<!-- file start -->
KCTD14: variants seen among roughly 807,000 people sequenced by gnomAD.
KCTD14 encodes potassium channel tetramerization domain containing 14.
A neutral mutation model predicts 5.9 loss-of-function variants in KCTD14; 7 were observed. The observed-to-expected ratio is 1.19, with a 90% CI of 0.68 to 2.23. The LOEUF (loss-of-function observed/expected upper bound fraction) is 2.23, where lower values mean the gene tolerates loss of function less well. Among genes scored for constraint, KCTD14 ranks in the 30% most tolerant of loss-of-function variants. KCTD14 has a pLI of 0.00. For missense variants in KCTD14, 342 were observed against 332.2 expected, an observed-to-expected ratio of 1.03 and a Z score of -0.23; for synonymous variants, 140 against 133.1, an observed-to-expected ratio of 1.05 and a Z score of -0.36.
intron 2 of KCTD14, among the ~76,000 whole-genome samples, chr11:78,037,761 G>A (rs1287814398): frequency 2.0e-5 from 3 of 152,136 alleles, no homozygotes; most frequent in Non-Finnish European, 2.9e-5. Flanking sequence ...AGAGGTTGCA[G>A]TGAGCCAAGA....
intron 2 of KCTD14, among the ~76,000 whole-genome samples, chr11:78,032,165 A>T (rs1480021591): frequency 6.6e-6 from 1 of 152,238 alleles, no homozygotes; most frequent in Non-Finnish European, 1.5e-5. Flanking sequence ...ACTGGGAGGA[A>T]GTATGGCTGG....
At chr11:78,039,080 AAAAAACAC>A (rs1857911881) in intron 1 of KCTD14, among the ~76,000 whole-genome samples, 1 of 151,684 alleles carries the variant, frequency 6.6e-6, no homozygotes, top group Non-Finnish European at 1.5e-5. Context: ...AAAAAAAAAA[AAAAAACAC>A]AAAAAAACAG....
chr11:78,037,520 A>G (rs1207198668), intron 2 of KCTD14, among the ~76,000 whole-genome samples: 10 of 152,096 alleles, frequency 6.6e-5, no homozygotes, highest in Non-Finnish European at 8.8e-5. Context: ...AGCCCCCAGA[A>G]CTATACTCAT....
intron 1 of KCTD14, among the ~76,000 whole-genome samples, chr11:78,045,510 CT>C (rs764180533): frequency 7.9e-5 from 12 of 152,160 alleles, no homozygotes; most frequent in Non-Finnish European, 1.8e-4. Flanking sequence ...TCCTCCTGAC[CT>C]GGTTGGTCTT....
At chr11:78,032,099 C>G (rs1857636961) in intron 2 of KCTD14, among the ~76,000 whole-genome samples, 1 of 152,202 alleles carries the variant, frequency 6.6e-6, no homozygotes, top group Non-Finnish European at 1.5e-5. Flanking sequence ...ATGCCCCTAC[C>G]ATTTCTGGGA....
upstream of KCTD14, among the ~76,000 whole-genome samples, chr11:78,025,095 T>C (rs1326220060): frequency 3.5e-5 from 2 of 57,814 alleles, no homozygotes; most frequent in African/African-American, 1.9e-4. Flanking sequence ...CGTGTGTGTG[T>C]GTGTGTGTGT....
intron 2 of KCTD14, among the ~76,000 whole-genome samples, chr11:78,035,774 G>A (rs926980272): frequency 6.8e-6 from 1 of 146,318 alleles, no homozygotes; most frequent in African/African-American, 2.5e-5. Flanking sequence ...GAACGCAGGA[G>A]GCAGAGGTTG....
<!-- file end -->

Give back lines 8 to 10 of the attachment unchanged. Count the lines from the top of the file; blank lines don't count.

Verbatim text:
intron 1 of KCTD14, among the ~76,000 whole-genome samples, chr11:78,045,510 CT>C (rs764180533): frequency 7.9e-5 from 12 of 152,160 alleles, no homozygotes; most frequent in Non-Finnish European, 1.8e-4. Flanking sequence ...TCCTCCTGAC[CT>C]GGTTGGTCTT....
At chr11:78,032,099 C>G (rs1857636961) in intron 2 of KCTD14, among the ~76,000 whole-genome samples, 1 of 152,202 alleles carries the variant, frequency 6.6e-6, no homozygotes, top group Non-Finnish European at 1.5e-5. Flanking sequence ...ATGCCCCTAC[C>G]ATTTCTGGGA....
upstream of KCTD14, among the ~76,000 whole-genome samples, chr11:78,025,095 T>C (rs1326220060): frequency 3.5e-5 from 2 of 57,814 alleles, no homozygotes; most frequent in African/African-American, 1.9e-4. Flanking sequence ...CGTGTGTGTG[T>C]GTGTGTGTGT....